The Ministry of Social Development and Social Innovation long ago ceased to be a place where people living in poverty receive compassion and support in times of need. This is deeply unfortunate for the people who must access income assistance from this body and I do not believe we have to accept this.
Every day in the TAPS office we meet people struggling to access, or shut out from accessing, ministry services. People are required to apply for basic income assistance through a 90-page online process that is confusing and challenging to navigate for people without a computer or who experience low digital literacy; people are put on hold for great lengths of time and are often cut off when calling the ministry 1-866 number; ministry workers on the phone line work on a time-per-call basis and will often cut callers off before a matter is resolved, which is a massive hurdle for people who rely on pay-as-you-go phone plans; and increasingly, people are told, after waiting in line to see a worker at a ministry office, to use the phone line to access support, the phone line which, as mentioned, fails to provide effective access. More and more people are seeking our help for these basic access issues and we simply cannot keep up with the demand. We do not have the resources to provide consistent advocacy help to people just trying to access the ministry, and frankly that work does not coincide with the foundational social justice orientation of our organization.
So what can be done?
TAPS, along with the lead support of the BC Public Interest Advocacy Centre and eight other poverty advocacy organizations, compiled evidence of increasing barriers to service access at the ministry. This evidence formed the body for a complaint delivered to the Ombudsperson of BC on May 12, 2015. In this complaint, we are calling on the Ombudsperson to investigate the ministry’s shift toward inaccessibility through increased reliance on phone and internet service delivery models, office closures and a reduction in hours, as well as the dehumanising treatment that this system perpetuates as a public service. We are calling for this investigation to make recommendations to the ministry to restore access and compassion to services directed at people living in poverty in Victoria and across the province.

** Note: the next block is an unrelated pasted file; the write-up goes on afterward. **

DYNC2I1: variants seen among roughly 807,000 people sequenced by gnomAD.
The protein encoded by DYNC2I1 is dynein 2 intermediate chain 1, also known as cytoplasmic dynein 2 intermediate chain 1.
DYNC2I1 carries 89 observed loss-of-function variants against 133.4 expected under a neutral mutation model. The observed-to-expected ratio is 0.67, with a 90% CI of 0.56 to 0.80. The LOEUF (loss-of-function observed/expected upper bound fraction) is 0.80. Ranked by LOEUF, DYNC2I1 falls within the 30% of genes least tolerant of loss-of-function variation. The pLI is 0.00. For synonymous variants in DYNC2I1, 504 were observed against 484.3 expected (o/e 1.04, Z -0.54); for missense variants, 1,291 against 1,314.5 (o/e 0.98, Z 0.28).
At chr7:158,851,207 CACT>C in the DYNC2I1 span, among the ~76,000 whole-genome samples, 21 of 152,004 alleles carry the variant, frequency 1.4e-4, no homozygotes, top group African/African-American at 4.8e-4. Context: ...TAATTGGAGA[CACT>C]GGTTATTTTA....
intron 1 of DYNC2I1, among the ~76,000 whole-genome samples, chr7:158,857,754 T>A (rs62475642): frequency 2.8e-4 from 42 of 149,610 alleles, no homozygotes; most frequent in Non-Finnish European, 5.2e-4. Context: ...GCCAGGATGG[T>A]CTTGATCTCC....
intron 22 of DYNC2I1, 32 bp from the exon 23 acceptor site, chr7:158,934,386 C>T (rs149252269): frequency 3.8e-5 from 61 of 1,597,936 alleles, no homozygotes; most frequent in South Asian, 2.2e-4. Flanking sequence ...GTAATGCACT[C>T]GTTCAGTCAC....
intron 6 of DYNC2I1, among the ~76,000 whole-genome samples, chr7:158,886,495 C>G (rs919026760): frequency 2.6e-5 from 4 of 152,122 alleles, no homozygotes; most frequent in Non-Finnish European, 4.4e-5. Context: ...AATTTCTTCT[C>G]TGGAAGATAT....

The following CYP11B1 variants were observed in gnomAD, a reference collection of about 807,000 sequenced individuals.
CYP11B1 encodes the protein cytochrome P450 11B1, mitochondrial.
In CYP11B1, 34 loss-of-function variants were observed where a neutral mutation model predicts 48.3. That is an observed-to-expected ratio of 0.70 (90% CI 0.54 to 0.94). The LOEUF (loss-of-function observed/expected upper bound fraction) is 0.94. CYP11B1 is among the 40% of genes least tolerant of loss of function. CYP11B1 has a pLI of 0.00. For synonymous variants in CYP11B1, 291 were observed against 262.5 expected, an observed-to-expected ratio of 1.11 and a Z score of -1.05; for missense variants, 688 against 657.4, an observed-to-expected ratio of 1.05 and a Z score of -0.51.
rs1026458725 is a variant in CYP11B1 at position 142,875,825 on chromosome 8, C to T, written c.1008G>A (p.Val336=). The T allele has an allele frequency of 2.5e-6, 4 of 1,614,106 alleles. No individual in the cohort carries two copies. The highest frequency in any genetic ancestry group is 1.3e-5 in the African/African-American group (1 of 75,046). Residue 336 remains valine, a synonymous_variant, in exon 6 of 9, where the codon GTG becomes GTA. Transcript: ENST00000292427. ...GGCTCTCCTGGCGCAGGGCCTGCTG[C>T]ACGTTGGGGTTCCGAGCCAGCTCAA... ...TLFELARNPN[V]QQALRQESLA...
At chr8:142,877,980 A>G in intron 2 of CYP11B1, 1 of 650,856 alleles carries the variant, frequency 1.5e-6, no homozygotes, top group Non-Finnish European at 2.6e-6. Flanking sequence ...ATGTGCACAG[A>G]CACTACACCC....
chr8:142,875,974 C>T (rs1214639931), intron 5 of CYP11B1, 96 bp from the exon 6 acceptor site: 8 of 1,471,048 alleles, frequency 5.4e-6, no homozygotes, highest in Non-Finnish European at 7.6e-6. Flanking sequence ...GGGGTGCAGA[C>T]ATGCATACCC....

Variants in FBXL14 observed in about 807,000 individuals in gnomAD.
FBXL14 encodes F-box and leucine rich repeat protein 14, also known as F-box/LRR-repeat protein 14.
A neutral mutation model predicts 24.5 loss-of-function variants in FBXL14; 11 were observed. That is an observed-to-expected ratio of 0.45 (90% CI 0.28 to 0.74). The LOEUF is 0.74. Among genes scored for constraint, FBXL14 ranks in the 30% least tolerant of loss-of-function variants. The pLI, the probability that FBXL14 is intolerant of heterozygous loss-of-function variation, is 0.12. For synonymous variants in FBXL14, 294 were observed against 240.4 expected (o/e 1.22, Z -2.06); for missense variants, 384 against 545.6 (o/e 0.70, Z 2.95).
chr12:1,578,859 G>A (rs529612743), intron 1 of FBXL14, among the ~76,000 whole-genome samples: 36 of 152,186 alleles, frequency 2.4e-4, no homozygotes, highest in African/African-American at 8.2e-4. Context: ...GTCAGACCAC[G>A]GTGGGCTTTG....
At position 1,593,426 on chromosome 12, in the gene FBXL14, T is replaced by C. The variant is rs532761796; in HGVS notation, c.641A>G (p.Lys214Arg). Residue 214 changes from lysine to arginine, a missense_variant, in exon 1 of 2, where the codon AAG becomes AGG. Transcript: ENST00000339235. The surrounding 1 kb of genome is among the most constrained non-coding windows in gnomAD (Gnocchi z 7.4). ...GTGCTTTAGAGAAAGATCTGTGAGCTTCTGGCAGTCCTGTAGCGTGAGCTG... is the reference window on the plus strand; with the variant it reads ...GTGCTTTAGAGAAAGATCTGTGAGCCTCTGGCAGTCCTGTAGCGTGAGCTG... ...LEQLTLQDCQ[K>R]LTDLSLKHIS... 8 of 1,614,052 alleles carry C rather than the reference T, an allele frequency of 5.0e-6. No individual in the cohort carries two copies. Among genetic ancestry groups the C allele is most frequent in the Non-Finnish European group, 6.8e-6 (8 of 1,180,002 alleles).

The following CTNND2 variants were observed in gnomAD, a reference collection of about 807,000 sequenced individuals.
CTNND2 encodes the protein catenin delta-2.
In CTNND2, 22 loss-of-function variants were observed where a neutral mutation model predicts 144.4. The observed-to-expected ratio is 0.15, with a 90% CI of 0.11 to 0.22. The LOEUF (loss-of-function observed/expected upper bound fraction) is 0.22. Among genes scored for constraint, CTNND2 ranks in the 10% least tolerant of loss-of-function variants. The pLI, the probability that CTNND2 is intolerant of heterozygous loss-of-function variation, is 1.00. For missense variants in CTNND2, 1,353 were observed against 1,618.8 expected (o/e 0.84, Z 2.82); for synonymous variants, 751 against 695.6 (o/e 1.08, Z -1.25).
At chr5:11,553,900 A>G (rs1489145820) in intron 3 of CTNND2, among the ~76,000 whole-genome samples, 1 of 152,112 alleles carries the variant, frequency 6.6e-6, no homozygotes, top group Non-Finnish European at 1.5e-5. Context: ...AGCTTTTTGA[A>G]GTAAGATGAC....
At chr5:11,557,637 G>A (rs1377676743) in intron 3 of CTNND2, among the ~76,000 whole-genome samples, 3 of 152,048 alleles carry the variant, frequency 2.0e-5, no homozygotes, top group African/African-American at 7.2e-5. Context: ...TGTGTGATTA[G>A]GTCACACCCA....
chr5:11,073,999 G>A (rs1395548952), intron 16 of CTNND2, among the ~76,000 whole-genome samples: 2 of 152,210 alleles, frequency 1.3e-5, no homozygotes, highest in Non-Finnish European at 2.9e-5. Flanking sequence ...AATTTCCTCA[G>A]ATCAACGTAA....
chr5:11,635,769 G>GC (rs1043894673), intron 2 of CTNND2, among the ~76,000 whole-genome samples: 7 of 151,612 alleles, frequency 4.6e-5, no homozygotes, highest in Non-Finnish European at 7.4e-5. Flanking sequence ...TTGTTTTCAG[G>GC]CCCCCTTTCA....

What can you do?
If you have difficulty or are unable to access services from the ministry, we strongly encourage you to contact the Office of the Ombudsperson directly to file a complaint. The Ombudsperson needs to be made aware of just how substantial the barriers to service are. We know it can be difficult to go into yet another office, but it may be easier than you think. You can file a complaint in person, about half a block up the street from the TAPS office, on the second floor at 947 Fort Street. You can call in and make a complaint by dialling (250) 387-5855, or you can file a complaint online at https://www.bcombudsperson.ca/how-to-make-a-complaint. The workers at the Office of the Ombudsperson have a reputation for being compassionate and effective. They are there to help you file your complain and make your voice heard.